(This is the fourth in a series of columns.)
The creation of an Heirloom, I’ve emphasized, calls for giving “one’s best,” in order to maximize the “positive value” that the Descendants will experience from it.
That emphasis might seem to represent a call to whitewash the image of the family—a family that, it was said previously, passes along its “family culture” for better and for worse.
If our focus on is “what’s best,” doesn’t it create a false picture to leave out the “worse”?
Not really. For one thing, “something of value” doesn’t necessarily mean something pleasant and fun. People’s well-being depends in part on their being able to cope well with the brokenness they encounter, including the brokenness that inevitably is part of what the family passes along.
An heirloom that helps people deal in a healthy way with the struggles, the traumas, the secrets, the scandals, the conflicts, the failures that may be part of the family experience has surely “enhanced the experience” of those people.
(A friend of mine, thinking about what he’d like to tell his Descendants, has said that what he’d want to tell about himself – as maybe what’s “best” about him – is how he’d honestly faced his difficulties and worked to overcome them.)
History offers plenty of illustrations of the dangers of failing to confront the darker aspects of one’s history.
That’s been illustrated at the collective/national (rather than the familial) level by the continuing consequences of the failure of the Japanese to acknowledge their brutalization of their Asian neighbors in the 1930s and 40s, and the refusal of the Turks to acknowledge their genocide of the Armenians as World War I came to a close.
Both of those instances exemplify how the denial of past brokenness creates an obstacle to the healing of the world.
In families, as in nations, anything that helps heal past brokenness is surely “something of value.”
Nonetheless, I would argue that as important as it is to confront what’s broken in our past, more of our attention should be devoted to celebrating what’s best in our heritage.
What led me to that conclusion – indirectly – was a personal experience. It involved what I observed happening within me in the wake of my mother’s death.
My relationship with my mother, as nourishing as it was in many respects, also had its difficult aspects. After she died, I noticed how – without my “doing” anything to make it happen — my sense of her evolved. The things that had annoyed me, while they didn’t disappear from my memory, quite noticeably receded in importance. And those aspects of her worth treasuring came to the fore.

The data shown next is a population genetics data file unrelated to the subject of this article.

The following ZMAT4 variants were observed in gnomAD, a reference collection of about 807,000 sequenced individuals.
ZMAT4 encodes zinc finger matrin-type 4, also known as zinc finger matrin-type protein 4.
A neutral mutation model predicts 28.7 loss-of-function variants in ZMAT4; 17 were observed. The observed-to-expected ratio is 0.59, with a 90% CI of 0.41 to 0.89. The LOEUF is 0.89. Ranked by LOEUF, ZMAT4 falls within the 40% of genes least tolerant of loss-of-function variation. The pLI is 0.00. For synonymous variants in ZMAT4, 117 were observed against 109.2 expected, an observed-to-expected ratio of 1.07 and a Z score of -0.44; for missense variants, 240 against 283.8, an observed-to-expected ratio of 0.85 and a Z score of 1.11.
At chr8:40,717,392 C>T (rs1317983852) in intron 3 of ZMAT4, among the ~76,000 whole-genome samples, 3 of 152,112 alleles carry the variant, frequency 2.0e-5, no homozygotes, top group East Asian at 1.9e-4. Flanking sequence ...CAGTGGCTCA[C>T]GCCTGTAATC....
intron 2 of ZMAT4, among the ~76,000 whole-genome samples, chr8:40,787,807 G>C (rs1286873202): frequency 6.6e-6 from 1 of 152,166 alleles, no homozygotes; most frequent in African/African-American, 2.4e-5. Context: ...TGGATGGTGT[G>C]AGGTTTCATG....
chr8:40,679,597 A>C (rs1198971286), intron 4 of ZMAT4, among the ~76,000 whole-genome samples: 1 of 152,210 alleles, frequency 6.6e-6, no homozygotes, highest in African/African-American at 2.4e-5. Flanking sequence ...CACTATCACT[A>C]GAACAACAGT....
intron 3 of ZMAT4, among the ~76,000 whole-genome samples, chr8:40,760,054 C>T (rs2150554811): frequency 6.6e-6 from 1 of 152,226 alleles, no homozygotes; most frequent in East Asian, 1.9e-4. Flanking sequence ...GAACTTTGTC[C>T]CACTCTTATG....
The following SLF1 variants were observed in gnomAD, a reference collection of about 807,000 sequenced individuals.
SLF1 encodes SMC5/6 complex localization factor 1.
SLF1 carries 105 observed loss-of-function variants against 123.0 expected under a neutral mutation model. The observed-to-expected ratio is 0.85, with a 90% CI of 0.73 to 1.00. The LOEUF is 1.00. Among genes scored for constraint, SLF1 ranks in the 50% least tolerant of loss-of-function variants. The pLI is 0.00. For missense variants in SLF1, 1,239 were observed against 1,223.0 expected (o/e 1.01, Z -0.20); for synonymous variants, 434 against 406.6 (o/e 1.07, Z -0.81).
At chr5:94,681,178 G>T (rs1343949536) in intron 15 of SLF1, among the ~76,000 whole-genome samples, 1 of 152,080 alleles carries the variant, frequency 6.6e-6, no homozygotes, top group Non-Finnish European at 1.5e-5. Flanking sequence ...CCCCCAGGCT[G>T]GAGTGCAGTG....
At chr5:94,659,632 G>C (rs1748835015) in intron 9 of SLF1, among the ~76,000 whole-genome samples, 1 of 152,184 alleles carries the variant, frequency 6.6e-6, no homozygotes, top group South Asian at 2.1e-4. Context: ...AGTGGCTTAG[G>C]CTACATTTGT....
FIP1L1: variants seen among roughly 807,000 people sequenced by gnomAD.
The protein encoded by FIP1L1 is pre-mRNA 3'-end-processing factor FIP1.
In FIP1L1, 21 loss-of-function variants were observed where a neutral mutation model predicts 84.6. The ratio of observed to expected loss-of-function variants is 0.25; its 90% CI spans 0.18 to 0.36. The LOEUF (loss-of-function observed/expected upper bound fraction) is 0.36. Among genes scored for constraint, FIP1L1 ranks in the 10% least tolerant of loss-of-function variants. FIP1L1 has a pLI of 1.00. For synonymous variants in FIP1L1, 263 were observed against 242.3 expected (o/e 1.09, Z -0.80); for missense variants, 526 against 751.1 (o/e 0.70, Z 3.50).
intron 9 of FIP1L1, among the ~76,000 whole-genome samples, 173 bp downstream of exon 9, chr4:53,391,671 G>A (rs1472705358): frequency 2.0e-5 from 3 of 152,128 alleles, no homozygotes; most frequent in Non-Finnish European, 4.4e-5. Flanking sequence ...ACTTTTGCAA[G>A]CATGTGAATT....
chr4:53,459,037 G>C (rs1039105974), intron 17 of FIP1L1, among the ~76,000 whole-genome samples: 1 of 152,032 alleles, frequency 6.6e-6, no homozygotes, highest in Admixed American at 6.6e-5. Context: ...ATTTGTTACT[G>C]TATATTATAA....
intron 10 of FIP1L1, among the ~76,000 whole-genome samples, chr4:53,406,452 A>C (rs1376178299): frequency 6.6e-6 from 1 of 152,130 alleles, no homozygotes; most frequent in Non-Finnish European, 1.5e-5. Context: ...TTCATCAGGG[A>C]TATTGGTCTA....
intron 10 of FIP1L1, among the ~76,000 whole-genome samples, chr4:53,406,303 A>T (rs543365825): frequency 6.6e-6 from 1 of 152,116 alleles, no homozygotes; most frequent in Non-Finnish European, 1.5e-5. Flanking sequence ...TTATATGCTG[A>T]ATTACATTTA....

That positive shift in emphasis has been reflected in how I’ve portrayed her in recent writings here, e.g. referring to
- the epitaph my brother and I chose to describe her (“Devoted to Family and Creative Expression”);
- her success in keeping her mother “alive” as a loving memory despite the loss imposed by death;
- and her having been a great teacher.
It is “what’s best” in her that I seek to immortalize.
Other people have told me they’ve experienced the same thing with their “lost loved-ones”: what was bothersome becomes less salient in memory, while what was best in them shines forth more brightly.
The metaphor that came to me, as I observed this posthumous evolution of my image of my mother, and as others confirmed they’d also gone through such a process, was panning for gold. As the stream of time washes through, the mixture in the pan that had characterized one’s ongoing, living relationship got refined until one ends up with just the nuggets of gold.
This seems to happen so naturally that I suspect that it is built into our nature to process the loss of a loved one this way. And if that’s so, that suggests that this kind of “panning for gold” has served us and our kind well.
It seems reasonable to extend this pattern regarding how we (apparently) tend to deal with lost loved-ones to how we deal more generally with our overall legacy from the past: i.e. that – even if part of our task is to heal the brokenness we inherit — it is life-serving to accentuate “the best.”
“Life-serving” because surely a major task is to gain inspiration from the past for what we should seek to embody in the present to use for building toward the best possible future.
Which is why most of the Heirlooms we create should rightly be embodiments of “what’s best” in a purely positive sense, i.e. what can not only be experienced as “something of value” but also provide some image to inspire future generations to give of their best.
The over-representation of “what’s best” does result in a kind of idealization, or perhaps one might call it romanticization. But that doesn’t make it a “false history.”
Here’s what I think is the important distinction:
- It is natural and good to romanticize/idealize in order to enhance an important truth.
- But it is not OK to romanticize in order to sell what’s mostly a Lie.
(For example, it is fine for the heirs of the Confederacy to celebrate the military skill and valor of some of their commanders, and the admirable traits of character of a Robert E. Lee. But it’s not OK to concoct a false notion of some noble Lost Cause for which they fought. Not OK because it represents a Lie—since the true “cause” was that by which the Confederacy defined itself at the outset: i.e. “the great truth that the negro is not equal to the white man; that slavery, subordination to the superior race, is his natural and moral condition.” I.e., White Supremacy. Not OK because the destructive consequences of that “romanticization” are still visible in America today.)